To keep your new car looking sleek and shiny for years, factories need to make certain that the coats of paint on it are applied properly. But ensuring that every coat of paint -- whether it is on a car or anything else -- is of uniform thickness and quality is not easy.
Now researchers have developed a new way to measure the thickness of paint layers and the size of particles embedded inside. Unlike conventional methods, the paint remains undamaged, making the technique useful for a variety of applications from cars to artifacts, cancer detection and more. The researchers will describe their work at CLEO: 2014 being held June 8-13 in San Jose, California, USA.
"It's a problem that's quite challenging," said Anis Rahman, founder of Applied Research and Photonics, Inc., in Harrisburg, Pennsylvania. "None of the current methods are very successful in determining the thickness of individual layers and coatings in a nondestructive fashion."
The new technique, which was developed by Rahman and his son, Aunik, uses terahertz reflectometry, in which a beam of terahertz-frequency radiation is fired onto the paint. Terahertz radiation, which has frequencies between infrared and microwave radiation, is nonionizing and therefore harmless, Rahman said.
The terahertz beam penetrates the paint layers, which are each tens of microns (millionths of a meter) thick and bounces back at different intensities of light depending on the thickness of each layer of material the beam encounters. Measuring the intensities of the reflected beams reveals the thickness of each coat of paint down to a precision of tens of nanometers, almost a million times narrower than the head of a pin. This method can also be used to estimate the size of any particles added to the paint as small as 25 nanometers.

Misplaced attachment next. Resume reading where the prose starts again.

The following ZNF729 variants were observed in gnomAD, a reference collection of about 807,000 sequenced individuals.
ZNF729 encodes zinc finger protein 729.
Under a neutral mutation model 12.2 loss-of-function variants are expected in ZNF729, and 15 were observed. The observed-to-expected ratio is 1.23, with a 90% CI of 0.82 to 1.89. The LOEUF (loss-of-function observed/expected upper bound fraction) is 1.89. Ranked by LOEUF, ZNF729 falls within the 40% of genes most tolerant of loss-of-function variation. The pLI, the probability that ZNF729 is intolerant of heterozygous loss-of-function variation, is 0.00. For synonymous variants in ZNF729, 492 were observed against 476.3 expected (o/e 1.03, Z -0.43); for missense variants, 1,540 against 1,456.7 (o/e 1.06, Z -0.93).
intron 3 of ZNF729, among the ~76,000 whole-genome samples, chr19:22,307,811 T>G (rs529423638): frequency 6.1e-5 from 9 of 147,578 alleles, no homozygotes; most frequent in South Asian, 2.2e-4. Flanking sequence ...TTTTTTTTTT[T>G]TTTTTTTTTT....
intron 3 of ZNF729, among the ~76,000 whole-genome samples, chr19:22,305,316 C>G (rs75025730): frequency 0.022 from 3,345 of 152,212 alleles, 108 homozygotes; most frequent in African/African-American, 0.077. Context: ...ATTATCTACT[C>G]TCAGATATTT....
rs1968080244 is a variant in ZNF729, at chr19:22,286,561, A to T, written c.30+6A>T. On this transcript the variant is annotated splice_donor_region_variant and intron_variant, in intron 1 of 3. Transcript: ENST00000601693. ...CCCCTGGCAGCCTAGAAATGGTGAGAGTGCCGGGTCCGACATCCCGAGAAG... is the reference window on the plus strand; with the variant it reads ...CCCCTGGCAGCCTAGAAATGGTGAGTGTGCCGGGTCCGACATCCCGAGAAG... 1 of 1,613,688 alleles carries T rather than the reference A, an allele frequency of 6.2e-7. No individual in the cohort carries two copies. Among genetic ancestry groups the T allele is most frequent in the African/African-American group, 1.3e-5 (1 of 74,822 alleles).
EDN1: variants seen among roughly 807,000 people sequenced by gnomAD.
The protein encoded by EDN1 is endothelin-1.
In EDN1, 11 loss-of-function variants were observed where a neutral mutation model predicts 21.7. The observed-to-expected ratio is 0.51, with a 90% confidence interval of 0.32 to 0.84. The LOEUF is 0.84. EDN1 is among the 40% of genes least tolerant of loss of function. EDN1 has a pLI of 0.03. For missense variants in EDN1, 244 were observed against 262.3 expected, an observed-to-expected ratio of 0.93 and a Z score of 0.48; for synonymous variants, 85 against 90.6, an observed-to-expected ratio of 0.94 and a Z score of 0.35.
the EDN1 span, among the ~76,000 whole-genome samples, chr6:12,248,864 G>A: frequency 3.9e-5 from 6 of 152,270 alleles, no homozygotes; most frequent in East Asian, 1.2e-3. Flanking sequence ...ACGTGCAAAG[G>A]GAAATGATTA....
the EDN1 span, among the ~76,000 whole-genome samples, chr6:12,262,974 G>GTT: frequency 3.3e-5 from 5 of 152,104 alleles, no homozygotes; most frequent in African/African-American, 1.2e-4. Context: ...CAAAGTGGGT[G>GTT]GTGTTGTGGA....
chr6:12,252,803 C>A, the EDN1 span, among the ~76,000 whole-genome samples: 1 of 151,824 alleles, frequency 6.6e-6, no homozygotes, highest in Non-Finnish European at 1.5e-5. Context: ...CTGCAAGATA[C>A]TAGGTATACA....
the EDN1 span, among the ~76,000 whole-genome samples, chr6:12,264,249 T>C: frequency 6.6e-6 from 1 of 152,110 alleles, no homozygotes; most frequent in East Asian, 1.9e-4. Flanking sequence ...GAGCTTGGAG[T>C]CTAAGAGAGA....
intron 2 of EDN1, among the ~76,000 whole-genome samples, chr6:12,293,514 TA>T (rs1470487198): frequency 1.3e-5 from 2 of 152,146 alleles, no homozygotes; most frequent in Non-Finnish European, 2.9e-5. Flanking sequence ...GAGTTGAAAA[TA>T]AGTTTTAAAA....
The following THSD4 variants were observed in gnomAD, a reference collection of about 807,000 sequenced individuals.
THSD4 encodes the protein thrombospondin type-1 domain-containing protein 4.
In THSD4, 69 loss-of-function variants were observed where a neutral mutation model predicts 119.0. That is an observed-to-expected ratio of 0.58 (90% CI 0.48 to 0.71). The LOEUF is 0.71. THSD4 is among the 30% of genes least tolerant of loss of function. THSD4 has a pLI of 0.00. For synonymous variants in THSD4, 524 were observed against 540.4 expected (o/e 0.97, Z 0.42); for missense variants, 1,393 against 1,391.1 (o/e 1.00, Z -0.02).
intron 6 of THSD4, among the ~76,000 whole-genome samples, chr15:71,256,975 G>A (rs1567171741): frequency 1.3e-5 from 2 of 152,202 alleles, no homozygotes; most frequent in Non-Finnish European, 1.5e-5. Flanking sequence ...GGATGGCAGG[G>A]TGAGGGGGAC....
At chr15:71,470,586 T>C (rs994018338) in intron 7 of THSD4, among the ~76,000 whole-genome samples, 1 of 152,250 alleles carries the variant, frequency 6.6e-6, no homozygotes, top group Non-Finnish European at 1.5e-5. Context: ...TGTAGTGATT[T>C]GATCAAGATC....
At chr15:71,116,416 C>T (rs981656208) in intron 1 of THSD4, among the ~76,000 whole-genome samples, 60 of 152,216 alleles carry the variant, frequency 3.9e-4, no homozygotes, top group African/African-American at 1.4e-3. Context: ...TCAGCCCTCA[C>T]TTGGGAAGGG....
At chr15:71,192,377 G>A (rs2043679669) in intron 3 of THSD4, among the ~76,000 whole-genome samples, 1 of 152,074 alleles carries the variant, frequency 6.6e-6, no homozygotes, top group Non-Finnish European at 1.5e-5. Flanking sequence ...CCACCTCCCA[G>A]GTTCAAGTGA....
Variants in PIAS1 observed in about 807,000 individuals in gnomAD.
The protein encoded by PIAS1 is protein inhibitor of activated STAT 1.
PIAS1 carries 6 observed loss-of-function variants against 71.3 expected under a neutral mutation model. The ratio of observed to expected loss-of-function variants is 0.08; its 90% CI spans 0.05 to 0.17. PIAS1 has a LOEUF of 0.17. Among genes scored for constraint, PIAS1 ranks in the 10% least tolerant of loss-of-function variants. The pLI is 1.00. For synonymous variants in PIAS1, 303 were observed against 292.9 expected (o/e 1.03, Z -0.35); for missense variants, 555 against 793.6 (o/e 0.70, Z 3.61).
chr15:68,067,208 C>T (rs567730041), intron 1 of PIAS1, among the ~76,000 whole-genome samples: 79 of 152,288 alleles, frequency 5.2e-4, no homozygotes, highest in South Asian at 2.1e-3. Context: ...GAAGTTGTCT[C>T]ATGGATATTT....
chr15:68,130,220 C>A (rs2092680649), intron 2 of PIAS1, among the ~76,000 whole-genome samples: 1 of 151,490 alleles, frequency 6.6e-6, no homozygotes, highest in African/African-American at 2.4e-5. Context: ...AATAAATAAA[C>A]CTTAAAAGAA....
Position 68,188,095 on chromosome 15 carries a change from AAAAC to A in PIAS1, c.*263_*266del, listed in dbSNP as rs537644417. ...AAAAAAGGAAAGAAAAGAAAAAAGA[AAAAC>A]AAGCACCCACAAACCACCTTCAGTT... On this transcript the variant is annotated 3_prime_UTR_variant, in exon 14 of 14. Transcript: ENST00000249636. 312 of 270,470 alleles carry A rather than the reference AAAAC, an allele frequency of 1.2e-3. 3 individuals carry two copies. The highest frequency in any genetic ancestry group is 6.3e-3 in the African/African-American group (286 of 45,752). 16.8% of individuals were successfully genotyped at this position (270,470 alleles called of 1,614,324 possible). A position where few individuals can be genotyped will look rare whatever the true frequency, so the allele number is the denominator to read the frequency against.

In addition to quality control, the method would be useful for testing paints as well, Rahman said. For example, in order for an overcoat on a car to protect the paint underneath, the two layers have to remain separate. Terahertz reflectometry can be used to make sure that the overcoat does not penetrate the layers below. The method can also help companies analyze how their paints react with different surfaces, such as plastic, wood or metal.
Environmental health applications are also possible, Rahman said, since the method can help detect whether old paint contains lead. Archaeologists and art historians can even employ it to analyze the paint on artifacts.
But terahertz reflectometry is useful for more than analyzing paint, Rahman added. The researchers are now configuring their techniques to analyze the structure of skin as a way to help diagnose early stages of skin cancer such as melanoma and basal cell carcinoma. With the addition of spectroscopy to measure the different wavelengths of reflected beams, this technique can be used to analyze the structure of skin layers and determine if they are healthy or diseased.
The instrument is ready for commercialization and Rahman says they are currently looking for partners to help bring it to market.
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